teacher. It is important whenever we measure children to get as clear a
view as we can of the whole situation. For this purpose we want not
primarily to know what the average performance is, but, rather, how many
children there are at each level of achievement. In arithmetic, for
example, we want to know how many there are who can do none of the
Courtis problems in addition, or how many there are who can do the first
six on the Woody test, how many can do seven, eight, and so on. In
penmanship we want to know how many children there are who write quality
eight, or nine, or ten, or sixteen, or seventeen, as the case may be.
The work of the teacher can never be accomplished economically except as
he gives more attention to those who are less proficient, and provides
more and harder work for those who are capable, or else relieves the
able members of the class from further work in the field. It will be
well, therefore, to prepare, for the sake of comparing grades within the
same school or school system, or for the sake of preparing the work of a
class at two different times during the year, a table which shows just
how many children there are in the group who have reached each level of
achievement. Such tables for work in composition for a class at two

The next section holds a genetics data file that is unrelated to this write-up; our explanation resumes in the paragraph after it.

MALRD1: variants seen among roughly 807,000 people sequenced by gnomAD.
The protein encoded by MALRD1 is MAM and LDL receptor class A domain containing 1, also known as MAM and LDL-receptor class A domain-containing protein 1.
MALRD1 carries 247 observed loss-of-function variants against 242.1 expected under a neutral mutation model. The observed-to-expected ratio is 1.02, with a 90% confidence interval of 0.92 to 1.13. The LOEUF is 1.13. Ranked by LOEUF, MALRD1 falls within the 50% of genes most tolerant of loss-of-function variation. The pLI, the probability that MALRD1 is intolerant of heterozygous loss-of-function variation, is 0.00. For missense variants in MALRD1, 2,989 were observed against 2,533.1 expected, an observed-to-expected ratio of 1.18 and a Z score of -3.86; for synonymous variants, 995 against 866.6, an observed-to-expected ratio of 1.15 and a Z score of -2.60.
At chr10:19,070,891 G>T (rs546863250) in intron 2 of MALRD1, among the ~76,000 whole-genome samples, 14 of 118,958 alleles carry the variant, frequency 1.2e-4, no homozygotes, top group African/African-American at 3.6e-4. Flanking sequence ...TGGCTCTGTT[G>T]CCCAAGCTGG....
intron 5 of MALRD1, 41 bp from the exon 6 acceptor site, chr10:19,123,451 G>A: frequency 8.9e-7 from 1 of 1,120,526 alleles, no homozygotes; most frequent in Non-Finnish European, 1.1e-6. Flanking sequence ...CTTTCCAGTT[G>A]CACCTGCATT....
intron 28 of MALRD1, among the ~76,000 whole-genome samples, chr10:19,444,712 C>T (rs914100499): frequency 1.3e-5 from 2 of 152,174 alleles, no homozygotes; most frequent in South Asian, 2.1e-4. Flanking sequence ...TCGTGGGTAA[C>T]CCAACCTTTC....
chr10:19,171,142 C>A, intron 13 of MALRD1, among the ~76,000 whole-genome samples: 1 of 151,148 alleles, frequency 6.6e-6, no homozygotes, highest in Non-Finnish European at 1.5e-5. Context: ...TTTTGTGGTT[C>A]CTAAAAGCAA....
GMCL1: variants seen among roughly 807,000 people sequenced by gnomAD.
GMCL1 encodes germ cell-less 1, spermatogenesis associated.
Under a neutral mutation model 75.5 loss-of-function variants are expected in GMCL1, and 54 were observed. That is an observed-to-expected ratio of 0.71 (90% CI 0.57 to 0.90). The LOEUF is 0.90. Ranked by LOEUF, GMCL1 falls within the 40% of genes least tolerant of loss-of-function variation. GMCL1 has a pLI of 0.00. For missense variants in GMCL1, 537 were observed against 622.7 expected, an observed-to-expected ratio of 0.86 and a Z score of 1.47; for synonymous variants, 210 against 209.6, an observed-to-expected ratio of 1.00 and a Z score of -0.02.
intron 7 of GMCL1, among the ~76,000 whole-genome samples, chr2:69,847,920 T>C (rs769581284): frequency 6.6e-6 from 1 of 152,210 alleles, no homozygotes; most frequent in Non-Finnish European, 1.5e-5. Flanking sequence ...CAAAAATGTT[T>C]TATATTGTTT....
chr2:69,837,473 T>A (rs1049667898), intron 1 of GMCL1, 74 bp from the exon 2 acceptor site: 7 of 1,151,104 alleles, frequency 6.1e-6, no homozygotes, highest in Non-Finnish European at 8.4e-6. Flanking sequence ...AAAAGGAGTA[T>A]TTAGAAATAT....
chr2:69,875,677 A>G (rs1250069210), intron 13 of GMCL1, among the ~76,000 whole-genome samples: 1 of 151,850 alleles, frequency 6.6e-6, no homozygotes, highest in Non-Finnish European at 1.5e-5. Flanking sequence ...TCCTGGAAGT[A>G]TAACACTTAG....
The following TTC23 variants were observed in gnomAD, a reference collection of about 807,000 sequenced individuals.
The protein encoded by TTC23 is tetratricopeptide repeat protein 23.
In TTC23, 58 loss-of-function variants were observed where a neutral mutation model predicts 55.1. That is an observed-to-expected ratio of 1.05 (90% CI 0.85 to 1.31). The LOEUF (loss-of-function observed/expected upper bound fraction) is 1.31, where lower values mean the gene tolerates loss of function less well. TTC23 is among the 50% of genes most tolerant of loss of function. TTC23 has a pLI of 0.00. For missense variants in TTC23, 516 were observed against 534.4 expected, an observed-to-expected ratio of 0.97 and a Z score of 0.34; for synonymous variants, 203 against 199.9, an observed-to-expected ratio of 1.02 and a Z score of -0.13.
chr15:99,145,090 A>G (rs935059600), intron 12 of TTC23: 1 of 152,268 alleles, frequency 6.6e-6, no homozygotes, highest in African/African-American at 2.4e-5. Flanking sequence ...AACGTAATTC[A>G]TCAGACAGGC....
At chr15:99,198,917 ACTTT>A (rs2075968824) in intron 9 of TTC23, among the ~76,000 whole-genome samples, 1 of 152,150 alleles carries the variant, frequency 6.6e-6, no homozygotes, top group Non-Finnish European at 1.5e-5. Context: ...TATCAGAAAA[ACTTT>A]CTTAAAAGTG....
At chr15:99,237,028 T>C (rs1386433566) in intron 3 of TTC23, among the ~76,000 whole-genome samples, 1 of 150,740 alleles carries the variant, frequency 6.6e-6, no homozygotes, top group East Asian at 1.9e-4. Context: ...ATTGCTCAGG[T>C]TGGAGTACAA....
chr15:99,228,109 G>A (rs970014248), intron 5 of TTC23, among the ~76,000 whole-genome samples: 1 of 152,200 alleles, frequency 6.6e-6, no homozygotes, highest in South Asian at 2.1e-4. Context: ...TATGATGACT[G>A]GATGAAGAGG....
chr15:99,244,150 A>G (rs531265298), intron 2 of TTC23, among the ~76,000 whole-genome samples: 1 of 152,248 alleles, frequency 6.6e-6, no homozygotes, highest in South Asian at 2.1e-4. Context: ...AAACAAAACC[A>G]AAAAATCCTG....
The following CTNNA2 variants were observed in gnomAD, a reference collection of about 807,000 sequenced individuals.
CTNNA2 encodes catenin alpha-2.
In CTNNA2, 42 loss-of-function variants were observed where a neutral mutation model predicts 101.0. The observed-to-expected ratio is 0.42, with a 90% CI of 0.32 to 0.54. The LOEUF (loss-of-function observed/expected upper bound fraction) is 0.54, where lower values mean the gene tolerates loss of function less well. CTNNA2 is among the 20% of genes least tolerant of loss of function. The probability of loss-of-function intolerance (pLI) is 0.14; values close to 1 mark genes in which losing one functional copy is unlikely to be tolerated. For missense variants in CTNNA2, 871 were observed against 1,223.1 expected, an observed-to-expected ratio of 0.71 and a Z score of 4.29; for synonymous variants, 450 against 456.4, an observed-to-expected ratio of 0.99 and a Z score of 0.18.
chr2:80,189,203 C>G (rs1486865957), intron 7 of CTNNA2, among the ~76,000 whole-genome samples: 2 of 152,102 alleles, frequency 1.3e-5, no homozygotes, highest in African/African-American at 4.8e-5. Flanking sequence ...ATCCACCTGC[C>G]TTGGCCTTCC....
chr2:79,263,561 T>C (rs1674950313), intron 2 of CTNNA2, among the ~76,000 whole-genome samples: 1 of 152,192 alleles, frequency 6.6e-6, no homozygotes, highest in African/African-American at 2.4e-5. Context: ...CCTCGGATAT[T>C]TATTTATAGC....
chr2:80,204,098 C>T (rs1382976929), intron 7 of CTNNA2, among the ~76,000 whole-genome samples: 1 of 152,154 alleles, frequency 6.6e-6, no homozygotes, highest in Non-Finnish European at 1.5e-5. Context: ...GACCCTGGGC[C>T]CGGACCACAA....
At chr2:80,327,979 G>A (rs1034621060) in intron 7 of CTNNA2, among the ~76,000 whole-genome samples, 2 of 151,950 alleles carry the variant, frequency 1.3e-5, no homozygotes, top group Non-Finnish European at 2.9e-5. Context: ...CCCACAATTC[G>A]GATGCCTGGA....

different times, six months apart, appear as follows:
DISTRIBUTION OF COMPOSITION SCORES FOR A SEVENTH GRADE
======================================
| NUMBER OF CHILDREN
+-----------------------
| NOVEMBER | FEBRUARY
--------------+-----------+-----------
Rated at 0 | 0 | 0
1.83 | 1 | 1
2.60 | 6 | 4
3.69 | 12 | 6
4.74 | 8 | 11
5.85 | 3 | 4
6.75 | 1 | 3
7.72 | 1 | 2
8.38 | 0 | 1
9.37 | 0 | 0
======================================
A study of such a distribution would show not only that the average
performance of the class has been raised, but also that those in the
lower levels have, in considerable measure, been brought up; that is,
that the teacher has been working with those who showed less ability,
and not simply pushing ahead a few who had more than ordinary capacity.
It would be possible to increase the average performance by working
wholly with the upper half of the class while neglecting those who
showed less ability. From a complete distribution, as has been given
above, it has become evident that this has not been the method of the
teacher. He has sought apparently to do everything that he could to
improve the quality of work upon the part of all of the children in the
class.
It is very interesting to note, when such complete distributions are
given, how the achievement of children in various classes overlaps. For
example, the distribution of the number of examples on the Courtis
tests, correctly finished in a given time by pupils in the seventh
grades, makes it clear that there are children in the fifth grade who do
better than many in the eighth.
THE DISTRIBUTION OF THE NUMBER OF EXAMPLES CORRECTLY FINISHED
IN THE GIVEN TIME BY PUPILS IN THE SEVERAL GRADES
===================================================================
ADDITION | SUBTRACTION
No. OF |----------------------+ No. OF |------------------------
EXAMPLES| GRADES | EXAMPLES | GRADES
FINISHED| 5 | 6 | 7 | 8 | FINISHED | 5 | 6 | 7 | 8
--------+----+-----+-----+-----+----------+----+-----+-----+-------
0 | 12 | 15 | 5 | 4 | 0 | 6 | 2 | 2 | --
1 | 26 | 23 | 14 | 9 | 1 | 5 | 6 | 2 | 1
2 | 27 | 31 | 8 | 6 | 2 | 7 | 8 | 1 | --
3 | 31 | 27 | 27 | 9 | 3 | 13 | 21 | 3 | 1
4 | 25 | 28 | 19 | 16 | 4 | 21 | 18 | 13 | 2
5 | 16 | 23 | 16 | 15 | 5 | 26 | 30 | 12 | 7
6 | 15 | 22 | 12 | 12 | 6 | 17 | 27 | 15 | 9